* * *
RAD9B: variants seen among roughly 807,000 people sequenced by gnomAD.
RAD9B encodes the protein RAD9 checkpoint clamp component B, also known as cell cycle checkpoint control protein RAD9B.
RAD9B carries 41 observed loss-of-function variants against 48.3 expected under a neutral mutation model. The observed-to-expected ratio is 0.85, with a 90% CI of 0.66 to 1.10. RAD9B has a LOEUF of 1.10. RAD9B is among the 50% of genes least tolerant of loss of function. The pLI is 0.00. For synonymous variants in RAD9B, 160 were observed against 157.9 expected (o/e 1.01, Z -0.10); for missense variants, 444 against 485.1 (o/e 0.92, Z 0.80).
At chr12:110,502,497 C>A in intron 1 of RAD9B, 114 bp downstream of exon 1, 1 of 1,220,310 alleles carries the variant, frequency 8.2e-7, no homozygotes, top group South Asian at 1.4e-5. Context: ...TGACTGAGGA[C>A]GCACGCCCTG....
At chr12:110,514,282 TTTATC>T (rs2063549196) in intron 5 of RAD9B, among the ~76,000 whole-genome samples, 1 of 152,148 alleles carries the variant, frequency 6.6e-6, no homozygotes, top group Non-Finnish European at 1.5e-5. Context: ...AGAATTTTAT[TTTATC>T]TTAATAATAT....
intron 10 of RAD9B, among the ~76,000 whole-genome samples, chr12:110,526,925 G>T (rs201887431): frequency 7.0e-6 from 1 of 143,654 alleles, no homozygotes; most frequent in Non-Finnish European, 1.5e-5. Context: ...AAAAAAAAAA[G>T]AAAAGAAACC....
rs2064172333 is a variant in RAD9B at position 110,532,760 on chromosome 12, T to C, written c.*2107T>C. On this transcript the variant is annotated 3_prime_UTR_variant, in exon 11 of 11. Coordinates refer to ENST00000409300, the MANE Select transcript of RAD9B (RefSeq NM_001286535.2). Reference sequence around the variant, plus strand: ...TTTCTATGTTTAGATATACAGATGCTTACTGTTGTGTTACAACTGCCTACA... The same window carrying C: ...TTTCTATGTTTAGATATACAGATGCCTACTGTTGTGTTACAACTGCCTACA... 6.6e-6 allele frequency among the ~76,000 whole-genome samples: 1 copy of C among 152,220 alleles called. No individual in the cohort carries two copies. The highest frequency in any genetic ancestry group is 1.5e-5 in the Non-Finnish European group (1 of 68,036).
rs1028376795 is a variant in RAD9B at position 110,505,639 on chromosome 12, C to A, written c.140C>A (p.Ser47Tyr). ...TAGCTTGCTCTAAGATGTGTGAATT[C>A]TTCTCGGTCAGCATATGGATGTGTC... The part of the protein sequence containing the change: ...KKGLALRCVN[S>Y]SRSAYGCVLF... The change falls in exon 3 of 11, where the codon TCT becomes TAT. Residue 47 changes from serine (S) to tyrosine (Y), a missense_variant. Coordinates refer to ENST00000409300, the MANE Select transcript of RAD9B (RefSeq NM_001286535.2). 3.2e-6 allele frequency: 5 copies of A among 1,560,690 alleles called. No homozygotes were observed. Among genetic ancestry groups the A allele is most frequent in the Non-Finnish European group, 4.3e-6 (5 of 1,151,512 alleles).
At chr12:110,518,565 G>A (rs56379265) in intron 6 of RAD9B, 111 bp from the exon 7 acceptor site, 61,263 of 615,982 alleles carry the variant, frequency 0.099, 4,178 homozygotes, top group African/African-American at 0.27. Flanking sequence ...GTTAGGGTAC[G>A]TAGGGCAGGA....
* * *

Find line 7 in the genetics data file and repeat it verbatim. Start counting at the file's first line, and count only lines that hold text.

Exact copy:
rs2064172333 is a variant in RAD9B at position 110,532,760 on chromosome 12, T to C, written c.*2107T>C. On this transcript the variant is annotated 3_prime_UTR_variant, in exon 11 of 11. Coordinates refer to ENST00000409300, the MANE Select transcript of RAD9B (RefSeq NM_001286535.2). Reference sequence around the variant, plus strand: ...TTTCTATGTTTAGATATACAGATGCTTACTGTTGTGTTACAACTGCCTACA... The same window carrying C: ...TTTCTATGTTTAGATATACAGATGCCTACTGTTGTGTTACAACTGCCTACA... 6.6e-6 allele frequency among the ~76,000 whole-genome samples: 1 copy of C among 152,220 alleles called. No individual in the cohort carries two copies. The highest frequency in any genetic ancestry group is 1.5e-5 in the Non-Finnish European group (1 of 68,036).